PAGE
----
Getting The Honey Bees Ready For Winter

I checked in on the bees today to get them ready for winter.

First removed one of the boxes that had a hole in the corner. The bees seemed to love the extra entrance during the summer, but that hole would’ve let the cold in all winter so it had to go. The bees were very upset I was moving their honey around.

I scraped off some extra comb and got a little treat for myself.

There wasn’t much brood in the hive, which is a little worrying since most of the current bees will die soon and the bees that hatch out now have to survive all winter and keep the queen warm. That’s another thing that concerns me a little: I didn’t see the queen bee. I don’t always find her but I would’ve liked to confirm that she’s still alive before the winter. The bees were already getting angry with me so I did what I had to and got out as quick as possible.

I gave them their fall mite treatment and closed the hive back up.

Last thing I did was put the reducer in the entrance way. That will also help keep the cold out.

That’s it for today. Next time I check on the hive I will put a cork in the top entrance, and change the reducer to he smallest opening, again to keep out the cold. For now the fall has been very mild so I will leave it until we stay below freezing at night.

Jar Aquarium – First Twenty-Four Hours

I filled a one gallon jug one-third full of muck from the swamp then filled the rest with the swamp water and added some aquatic plants for good measure. When I was done it looked like this:

After twenty-four hours the water had cleared up a lot and now looked like this:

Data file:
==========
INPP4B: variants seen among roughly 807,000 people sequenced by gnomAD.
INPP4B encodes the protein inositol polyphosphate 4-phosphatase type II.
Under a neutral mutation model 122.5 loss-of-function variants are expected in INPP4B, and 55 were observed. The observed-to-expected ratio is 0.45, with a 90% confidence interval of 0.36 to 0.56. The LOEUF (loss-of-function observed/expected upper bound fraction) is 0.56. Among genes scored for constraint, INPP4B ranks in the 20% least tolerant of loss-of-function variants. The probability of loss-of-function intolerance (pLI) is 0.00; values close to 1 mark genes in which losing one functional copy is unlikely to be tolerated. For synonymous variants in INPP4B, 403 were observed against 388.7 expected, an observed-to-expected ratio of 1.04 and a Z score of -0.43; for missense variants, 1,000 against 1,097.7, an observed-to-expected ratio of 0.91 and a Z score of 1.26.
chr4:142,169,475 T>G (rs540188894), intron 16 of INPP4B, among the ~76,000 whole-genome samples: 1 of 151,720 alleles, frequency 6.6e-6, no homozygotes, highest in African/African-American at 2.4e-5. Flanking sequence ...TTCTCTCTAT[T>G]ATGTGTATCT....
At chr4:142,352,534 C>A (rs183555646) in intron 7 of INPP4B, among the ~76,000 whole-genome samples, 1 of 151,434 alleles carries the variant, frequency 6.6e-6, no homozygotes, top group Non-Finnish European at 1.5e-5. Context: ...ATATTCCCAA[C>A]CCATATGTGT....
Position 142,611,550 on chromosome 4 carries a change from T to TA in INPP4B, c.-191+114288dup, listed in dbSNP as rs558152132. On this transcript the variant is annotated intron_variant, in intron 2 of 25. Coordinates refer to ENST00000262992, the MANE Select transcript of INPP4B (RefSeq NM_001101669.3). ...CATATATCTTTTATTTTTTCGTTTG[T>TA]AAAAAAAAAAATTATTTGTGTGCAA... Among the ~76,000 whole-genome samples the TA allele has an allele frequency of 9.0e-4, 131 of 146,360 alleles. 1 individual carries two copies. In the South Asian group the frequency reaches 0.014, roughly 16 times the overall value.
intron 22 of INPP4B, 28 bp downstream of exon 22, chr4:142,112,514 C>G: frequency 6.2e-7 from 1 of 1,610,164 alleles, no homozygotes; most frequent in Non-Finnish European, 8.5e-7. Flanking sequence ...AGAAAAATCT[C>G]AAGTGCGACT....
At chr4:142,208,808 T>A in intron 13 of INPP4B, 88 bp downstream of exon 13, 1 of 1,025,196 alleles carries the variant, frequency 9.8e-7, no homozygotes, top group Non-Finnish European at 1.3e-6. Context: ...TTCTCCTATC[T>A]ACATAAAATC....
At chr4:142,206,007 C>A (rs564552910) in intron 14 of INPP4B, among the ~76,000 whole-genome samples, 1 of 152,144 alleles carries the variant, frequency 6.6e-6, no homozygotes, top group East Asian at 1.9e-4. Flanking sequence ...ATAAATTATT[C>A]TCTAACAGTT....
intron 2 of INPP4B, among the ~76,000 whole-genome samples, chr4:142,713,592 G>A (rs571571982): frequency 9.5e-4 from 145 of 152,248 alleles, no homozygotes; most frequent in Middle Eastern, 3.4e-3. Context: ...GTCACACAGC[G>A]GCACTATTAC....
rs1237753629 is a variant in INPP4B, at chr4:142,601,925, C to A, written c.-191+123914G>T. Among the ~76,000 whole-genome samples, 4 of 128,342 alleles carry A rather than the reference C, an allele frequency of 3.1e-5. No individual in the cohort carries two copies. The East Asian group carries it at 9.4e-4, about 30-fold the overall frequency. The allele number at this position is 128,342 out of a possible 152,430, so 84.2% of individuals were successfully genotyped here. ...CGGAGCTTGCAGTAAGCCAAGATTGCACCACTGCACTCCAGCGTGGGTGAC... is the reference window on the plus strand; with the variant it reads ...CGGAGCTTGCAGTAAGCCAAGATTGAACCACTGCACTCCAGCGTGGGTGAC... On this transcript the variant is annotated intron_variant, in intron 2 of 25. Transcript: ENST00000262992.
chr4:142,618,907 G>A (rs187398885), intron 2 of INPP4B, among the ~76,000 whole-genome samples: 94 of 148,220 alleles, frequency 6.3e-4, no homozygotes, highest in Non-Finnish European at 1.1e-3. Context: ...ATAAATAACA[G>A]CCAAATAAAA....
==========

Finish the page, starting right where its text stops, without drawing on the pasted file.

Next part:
There’s even a few critters swimming around the top:

I’m hoping it will clear up even more this week and the plants will start to grow to create a self-sufficient ecosystem.

RIP My Forester

Update 2019-04-18: Listen to the song inspired by this story as you read

Driving home from work today my Subaru Forester caught fire. As I was heading north on 146 I heard a bang and black smoke came out the back of my Forester. That’s about when I realized my engine had died and I’d lost power steering. I coasted over to the side of the road and came to a stop. That’s when I smelled burning plastic and saw all the smoke coming out from under my hood. Things didn’t get any better when I opened the hood. The engine was on fire!


I quickly pulled all my stuff out of the car and then dialed 911. I was in such a panic I dropped the phone twice before I was able to use the phone. The operator connected me to the North Smithfield Rhode Island police department. They said that the fire department was on their way to put out the fire.

I stood on the embankment a safe distance from the car as the fire grew bigger. Bits of molten flaming plastic were dripping on to the ground below my car. The car had almost 200 thousand miles on it. I had already put a down payment on a new car and was going to trade the Forester in on Saturday. Not any more.

The flames grew higher. Probably five minutes had passed since I called 911, but it felt like forever. Was my car going to turn into a giant fireball? That sounded dangerous. I decided to start throwing handfuls of snow onto the fire to keep it contained.  Eventually I was scooping up giant armfuls of snow and dumping it into the engine compartment. I put out the fire.

A police officer showed up. Then three police officers. Then the fire department. Everyone peered into the engine compartment. The fire department confirmed that the fire was indeed out. I got a tow to the nearest garage. Everyone was very nice.

Now I really need to buy that new car.



Update: New (to me) car!